Even more impressive is the okra beignet ($2), which doesn’t look like much at first, just a lumpy, golden brown blob resting in a pool of orange-pink remoulade. But enrobed in the crisp batter are bright green slices of okra, and their smooth, viscous character somehow impart the mouthfeel of a crabcake — an effect heightened by the spicy tang of the remoulade.
One should note that the appetizer prices at the Glass Onion are downright reasonable. Six dollars for crispy Brussels sprouts or a bowl of shells and cheese won’t break the bank, and few other places offer two-buck bites like the okra beignets or the shrimp toast — much less ones that are so delicious.
A quick survey of deviled eggs on local menus reveals that the standard order ranges from three to six deviled eggs at a rate of $1.40 to $2 each. (Accounting note: In my definition, one hardboiled egg yields two deviled eggs.) At the Glass Onion you can order them onesy twosy for just 75 cents apiece — blissfully free of smoked salmon or truffle oil, I might add.
The larger plates follow through on the expectations set by the opening rounds. The pan roasted flounder ($25) couldn’t be cooked any better. The overall plate — golden-seared fish positioned on a lattice of braised green beans atop a mound of thick, cream-laden mashed potatoes — is hearty if unadventurous, but the pure, fresh flavor of the flounder carries the dish.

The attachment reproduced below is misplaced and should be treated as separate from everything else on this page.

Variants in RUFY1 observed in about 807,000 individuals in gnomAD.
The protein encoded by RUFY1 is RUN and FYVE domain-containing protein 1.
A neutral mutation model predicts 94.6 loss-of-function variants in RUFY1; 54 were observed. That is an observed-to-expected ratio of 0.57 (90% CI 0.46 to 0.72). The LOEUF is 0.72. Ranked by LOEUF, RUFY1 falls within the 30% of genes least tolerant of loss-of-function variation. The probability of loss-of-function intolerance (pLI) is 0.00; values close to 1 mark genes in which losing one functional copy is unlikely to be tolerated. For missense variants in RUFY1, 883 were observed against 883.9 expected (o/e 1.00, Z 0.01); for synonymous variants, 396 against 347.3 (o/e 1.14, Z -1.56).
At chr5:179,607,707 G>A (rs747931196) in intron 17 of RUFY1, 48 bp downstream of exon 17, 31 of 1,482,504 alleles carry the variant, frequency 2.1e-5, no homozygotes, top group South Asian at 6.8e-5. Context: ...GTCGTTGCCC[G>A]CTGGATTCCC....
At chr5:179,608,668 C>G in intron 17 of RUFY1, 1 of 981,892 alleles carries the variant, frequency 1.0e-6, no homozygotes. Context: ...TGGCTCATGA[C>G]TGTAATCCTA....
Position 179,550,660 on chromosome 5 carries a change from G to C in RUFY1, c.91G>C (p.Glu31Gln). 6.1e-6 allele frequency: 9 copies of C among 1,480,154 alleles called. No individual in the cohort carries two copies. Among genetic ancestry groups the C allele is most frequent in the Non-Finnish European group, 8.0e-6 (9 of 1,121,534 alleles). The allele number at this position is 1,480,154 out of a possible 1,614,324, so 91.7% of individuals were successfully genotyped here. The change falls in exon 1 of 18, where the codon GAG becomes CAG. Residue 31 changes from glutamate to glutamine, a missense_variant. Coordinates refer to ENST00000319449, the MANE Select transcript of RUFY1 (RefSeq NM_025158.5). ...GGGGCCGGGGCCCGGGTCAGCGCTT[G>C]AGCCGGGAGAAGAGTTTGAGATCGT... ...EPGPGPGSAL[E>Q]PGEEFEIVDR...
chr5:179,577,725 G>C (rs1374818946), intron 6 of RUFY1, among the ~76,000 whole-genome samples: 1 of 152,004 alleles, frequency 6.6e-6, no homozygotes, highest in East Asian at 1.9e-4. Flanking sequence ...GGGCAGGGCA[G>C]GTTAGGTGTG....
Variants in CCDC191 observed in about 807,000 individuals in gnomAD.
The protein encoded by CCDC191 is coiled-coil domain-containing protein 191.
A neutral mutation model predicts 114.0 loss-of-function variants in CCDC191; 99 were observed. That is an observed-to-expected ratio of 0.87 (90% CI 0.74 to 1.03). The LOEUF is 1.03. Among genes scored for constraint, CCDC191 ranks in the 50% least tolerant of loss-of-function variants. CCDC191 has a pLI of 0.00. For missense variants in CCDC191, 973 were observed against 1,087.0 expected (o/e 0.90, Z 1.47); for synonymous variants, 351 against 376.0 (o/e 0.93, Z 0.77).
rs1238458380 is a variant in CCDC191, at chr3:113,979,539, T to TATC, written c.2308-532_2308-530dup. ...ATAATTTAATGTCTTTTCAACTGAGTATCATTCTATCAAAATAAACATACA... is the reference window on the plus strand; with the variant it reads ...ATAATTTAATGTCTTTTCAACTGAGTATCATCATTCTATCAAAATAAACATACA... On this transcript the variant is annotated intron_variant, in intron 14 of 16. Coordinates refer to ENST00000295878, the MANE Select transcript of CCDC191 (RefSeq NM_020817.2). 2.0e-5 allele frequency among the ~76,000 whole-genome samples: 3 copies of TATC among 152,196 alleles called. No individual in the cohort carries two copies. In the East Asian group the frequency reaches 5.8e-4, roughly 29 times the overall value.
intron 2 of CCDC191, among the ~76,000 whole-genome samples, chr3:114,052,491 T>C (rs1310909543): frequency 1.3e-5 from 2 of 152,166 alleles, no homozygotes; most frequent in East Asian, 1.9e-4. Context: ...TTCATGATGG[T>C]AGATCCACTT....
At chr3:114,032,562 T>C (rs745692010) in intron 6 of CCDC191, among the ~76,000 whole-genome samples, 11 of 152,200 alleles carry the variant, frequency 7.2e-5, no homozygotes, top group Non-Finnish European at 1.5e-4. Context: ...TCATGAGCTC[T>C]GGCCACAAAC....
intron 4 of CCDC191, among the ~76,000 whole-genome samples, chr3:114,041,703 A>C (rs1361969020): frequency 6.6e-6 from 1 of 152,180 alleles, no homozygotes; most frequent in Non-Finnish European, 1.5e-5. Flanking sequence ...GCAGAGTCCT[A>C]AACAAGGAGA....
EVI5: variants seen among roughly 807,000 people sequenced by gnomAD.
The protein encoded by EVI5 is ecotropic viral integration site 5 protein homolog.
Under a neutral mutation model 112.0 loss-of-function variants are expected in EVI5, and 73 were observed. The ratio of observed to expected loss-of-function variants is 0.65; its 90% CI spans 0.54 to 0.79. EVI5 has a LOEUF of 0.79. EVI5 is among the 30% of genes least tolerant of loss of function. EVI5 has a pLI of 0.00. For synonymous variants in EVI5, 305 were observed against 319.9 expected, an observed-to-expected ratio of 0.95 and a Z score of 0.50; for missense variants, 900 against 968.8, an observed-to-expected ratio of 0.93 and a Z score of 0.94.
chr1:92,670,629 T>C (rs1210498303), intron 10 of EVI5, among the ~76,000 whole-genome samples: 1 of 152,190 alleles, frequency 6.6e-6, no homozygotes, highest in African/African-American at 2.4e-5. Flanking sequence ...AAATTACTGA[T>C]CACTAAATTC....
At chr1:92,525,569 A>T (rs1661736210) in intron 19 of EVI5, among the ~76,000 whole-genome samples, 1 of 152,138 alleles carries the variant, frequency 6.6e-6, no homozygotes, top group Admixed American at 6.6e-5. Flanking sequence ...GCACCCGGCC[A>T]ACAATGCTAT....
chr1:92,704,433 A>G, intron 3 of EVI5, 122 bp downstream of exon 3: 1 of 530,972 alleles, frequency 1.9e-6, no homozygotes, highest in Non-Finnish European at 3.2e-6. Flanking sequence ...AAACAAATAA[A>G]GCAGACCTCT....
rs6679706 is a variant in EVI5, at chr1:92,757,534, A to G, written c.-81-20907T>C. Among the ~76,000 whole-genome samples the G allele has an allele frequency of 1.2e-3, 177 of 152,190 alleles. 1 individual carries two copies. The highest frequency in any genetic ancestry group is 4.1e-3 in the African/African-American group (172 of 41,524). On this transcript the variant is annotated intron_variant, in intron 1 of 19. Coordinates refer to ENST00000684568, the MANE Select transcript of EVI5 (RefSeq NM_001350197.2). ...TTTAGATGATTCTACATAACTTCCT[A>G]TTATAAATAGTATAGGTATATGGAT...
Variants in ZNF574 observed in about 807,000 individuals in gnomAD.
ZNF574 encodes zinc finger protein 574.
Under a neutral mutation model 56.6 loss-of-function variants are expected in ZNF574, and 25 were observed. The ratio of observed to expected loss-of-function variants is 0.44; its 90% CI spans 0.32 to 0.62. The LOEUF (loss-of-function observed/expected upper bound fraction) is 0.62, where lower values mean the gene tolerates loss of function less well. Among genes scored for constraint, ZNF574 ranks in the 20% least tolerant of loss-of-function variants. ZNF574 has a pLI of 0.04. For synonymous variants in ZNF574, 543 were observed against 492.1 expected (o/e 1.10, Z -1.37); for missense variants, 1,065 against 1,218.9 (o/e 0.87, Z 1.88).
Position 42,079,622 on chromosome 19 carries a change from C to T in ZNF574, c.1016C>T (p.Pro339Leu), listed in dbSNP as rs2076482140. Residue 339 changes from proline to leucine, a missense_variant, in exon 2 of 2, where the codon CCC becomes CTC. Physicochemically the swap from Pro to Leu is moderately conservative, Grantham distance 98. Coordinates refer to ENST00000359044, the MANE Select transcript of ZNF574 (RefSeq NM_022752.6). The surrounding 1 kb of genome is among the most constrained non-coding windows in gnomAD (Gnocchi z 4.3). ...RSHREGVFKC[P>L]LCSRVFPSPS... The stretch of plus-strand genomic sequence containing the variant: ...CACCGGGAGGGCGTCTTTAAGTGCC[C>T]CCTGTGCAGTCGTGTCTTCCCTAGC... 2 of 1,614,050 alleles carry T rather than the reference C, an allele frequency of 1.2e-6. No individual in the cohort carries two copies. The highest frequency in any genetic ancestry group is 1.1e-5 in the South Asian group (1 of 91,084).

That flounder is fresh from North Carolina waters, and the commitment to using seafood and produce from local purveyors really set the Glass Onion apart from other neighborhood restaurants back in the early days. Stewart came to Charleston to attend culinary school at Johnson & Wales, and he mentored under the city’s first generation of New Southern chefs — Donald Drake at Magnolia’s and Frank Lee at S.N.O.B. — and then under Mike Lata at FIG.
In 2008, he teamed up with another FIG cook, Charles Vincent, and Sarah O’Kelley, a New Orleans kitchen veteran, to take that downtown fine dining sensibility across the Ashley River to a workaday building that formerly housed a used book store. At the time, there were still only a few white tablecloth spots buying their seafood, meats, and produce from local fishermen and suppliers, and the practice was hardly heard of outside of downtown.
When I first reviewed the Glass Onion in 2008, I declared that it “under-promises and over-delivers” and termed its food “good, honest cooking” that “the town needs more of.” Looking back, I’m not sure who was dishing out all the bad, dishonest cooking that I was contrasting theirs to, but something about what they were offering struck a chord.